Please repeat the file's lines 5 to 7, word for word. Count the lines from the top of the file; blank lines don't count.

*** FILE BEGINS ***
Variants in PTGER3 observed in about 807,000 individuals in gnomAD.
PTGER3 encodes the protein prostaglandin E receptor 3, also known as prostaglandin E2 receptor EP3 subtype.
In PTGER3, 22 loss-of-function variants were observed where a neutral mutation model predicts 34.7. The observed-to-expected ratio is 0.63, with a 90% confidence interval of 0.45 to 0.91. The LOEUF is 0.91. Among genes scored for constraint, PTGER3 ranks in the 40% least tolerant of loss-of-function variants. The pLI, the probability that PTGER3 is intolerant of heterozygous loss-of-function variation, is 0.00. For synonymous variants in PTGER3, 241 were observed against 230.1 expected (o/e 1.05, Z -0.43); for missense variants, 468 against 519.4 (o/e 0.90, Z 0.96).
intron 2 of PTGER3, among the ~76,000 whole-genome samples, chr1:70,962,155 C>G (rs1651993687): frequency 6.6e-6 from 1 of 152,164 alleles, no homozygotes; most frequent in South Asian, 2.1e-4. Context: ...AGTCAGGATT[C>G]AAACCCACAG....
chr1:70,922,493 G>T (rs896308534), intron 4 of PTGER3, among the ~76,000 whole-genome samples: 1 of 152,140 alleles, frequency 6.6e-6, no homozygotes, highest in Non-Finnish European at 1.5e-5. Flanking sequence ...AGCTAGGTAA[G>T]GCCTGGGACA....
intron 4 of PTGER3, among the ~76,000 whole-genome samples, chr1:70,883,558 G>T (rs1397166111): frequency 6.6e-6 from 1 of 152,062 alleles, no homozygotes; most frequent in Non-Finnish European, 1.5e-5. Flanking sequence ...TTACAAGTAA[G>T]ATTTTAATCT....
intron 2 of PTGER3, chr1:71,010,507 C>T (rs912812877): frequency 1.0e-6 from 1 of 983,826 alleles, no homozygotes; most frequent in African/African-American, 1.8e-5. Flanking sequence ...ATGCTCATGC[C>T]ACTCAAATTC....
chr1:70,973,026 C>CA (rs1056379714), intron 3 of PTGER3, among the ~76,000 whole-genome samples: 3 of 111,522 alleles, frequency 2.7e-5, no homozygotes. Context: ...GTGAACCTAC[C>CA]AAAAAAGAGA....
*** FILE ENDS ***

chr1:70,922,493 G>T (rs896308534), intron 4 of PTGER3, among the ~76,000 whole-genome samples: 1 of 152,140 alleles, frequency 6.6e-6, no homozygotes, highest in Non-Finnish European at 1.5e-5. Flanking sequence ...AGCTAGGTAA[G>T]GCCTGGGACA....
intron 4 of PTGER3, among the ~76,000 whole-genome samples, chr1:70,883,558 G>T (rs1397166111): frequency 6.6e-6 from 1 of 152,062 alleles, no homozygotes; most frequent in Non-Finnish European, 1.5e-5. Flanking sequence ...TTACAAGTAA[G>T]ATTTTAATCT....
intron 2 of PTGER3, chr1:71,010,507 C>T (rs912812877): frequency 1.0e-6 from 1 of 983,826 alleles, no homozygotes; most frequent in African/African-American, 1.8e-5. Flanking sequence ...ATGCTCATGC[C>T]ACTCAAATTC....